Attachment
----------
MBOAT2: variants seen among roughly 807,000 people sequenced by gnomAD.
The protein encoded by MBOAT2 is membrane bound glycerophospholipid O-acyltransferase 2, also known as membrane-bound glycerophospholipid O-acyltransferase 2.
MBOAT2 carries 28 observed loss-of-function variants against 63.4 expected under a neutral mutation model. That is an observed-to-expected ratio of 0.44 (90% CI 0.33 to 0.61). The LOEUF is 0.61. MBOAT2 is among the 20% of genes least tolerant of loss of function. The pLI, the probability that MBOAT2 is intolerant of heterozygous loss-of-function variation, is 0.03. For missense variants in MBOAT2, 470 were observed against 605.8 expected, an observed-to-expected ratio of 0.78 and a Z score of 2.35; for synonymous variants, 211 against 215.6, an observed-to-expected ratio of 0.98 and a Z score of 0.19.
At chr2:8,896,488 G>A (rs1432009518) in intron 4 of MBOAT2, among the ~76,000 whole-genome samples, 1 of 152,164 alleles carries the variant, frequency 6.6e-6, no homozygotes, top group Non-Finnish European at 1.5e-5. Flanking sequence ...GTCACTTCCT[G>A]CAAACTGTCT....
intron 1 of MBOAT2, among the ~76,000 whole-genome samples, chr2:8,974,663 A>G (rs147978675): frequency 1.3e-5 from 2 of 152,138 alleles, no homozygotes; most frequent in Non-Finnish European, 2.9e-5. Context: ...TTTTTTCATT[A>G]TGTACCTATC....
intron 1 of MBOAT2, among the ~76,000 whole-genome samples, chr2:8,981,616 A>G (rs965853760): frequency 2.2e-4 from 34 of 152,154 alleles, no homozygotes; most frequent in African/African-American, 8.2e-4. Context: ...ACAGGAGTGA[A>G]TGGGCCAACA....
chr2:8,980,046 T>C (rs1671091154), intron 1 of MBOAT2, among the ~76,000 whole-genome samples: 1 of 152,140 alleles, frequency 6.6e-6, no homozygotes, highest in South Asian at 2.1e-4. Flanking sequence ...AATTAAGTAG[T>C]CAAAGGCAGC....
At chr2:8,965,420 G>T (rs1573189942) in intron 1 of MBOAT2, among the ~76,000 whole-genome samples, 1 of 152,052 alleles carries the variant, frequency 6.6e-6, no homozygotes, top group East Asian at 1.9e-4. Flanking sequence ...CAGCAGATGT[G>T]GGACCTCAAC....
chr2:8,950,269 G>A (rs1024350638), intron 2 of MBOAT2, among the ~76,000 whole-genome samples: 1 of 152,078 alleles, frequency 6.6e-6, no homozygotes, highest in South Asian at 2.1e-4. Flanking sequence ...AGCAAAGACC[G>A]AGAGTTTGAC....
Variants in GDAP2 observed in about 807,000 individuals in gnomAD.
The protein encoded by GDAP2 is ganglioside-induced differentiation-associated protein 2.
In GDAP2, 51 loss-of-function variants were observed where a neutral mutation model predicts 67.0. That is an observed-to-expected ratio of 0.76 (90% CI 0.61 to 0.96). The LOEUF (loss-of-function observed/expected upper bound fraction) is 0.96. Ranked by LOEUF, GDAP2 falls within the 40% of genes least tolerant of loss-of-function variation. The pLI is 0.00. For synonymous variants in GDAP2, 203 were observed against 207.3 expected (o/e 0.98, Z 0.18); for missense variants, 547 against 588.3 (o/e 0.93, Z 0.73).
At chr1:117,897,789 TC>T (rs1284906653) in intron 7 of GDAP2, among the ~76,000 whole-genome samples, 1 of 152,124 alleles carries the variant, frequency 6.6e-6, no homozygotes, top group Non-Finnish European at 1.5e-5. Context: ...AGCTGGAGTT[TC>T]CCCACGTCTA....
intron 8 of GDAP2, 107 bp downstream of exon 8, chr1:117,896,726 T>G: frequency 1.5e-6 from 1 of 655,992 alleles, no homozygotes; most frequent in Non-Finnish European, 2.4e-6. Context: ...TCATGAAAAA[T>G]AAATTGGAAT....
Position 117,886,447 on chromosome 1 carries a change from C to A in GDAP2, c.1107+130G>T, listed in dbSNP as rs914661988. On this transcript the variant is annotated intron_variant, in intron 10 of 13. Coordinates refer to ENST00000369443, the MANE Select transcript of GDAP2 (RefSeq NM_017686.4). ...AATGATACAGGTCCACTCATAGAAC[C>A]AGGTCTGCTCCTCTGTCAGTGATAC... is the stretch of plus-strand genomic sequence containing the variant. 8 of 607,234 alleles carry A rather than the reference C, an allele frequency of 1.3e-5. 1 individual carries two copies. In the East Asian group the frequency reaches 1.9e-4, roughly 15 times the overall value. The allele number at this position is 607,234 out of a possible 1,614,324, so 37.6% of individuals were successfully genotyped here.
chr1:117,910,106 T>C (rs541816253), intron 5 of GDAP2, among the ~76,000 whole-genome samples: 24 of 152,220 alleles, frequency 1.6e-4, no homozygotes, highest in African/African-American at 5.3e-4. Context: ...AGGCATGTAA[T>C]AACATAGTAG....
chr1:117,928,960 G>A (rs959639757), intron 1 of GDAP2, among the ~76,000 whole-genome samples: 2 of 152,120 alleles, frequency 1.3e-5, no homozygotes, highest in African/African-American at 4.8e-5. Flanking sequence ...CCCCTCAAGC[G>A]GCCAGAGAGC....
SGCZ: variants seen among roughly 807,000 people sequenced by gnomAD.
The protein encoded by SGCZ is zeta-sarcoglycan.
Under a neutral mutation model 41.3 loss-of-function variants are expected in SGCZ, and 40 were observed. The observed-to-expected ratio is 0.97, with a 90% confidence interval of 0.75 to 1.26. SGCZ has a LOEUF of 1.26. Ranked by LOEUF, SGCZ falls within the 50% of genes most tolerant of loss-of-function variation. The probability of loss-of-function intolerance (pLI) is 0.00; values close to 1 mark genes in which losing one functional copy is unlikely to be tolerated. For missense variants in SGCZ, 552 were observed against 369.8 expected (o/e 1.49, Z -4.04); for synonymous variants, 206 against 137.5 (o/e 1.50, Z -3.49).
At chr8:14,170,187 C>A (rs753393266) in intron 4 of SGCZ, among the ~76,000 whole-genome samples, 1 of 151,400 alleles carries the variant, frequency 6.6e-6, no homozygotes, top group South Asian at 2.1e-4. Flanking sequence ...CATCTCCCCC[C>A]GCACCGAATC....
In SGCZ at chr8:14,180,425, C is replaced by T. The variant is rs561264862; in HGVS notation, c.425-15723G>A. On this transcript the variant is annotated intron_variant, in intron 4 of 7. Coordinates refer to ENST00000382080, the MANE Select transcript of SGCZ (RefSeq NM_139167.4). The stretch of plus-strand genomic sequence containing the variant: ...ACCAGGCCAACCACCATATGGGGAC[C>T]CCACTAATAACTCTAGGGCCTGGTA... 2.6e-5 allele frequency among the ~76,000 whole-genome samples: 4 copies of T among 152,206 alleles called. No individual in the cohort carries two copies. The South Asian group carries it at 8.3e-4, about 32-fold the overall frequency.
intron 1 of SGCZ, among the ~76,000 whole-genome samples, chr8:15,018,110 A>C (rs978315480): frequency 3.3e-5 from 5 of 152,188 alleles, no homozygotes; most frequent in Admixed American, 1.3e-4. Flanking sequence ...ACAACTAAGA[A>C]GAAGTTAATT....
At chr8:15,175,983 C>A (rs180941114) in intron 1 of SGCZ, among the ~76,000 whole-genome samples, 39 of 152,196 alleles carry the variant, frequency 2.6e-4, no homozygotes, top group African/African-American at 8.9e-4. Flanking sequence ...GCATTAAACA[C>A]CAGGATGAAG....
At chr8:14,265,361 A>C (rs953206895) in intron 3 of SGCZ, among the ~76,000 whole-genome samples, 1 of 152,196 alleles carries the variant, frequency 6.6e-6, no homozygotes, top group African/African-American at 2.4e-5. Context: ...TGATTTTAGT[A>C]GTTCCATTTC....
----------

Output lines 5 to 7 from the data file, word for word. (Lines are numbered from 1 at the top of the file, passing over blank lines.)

intron 1 of MBOAT2, among the ~76,000 whole-genome samples, chr2:8,974,663 A>G (rs147978675): frequency 1.3e-5 from 2 of 152,138 alleles, no homozygotes; most frequent in Non-Finnish European, 2.9e-5. Context: ...TTTTTTCATT[A>G]TGTACCTATC....
intron 1 of MBOAT2, among the ~76,000 whole-genome samples, chr2:8,981,616 A>G (rs965853760): frequency 2.2e-4 from 34 of 152,154 alleles, no homozygotes; most frequent in African/African-American, 8.2e-4. Context: ...ACAGGAGTGA[A>G]TGGGCCAACA....
chr2:8,980,046 T>C (rs1671091154), intron 1 of MBOAT2, among the ~76,000 whole-genome samples: 1 of 152,140 alleles, frequency 6.6e-6, no homozygotes, highest in South Asian at 2.1e-4. Flanking sequence ...AATTAAGTAG[T>C]CAAAGGCAGC....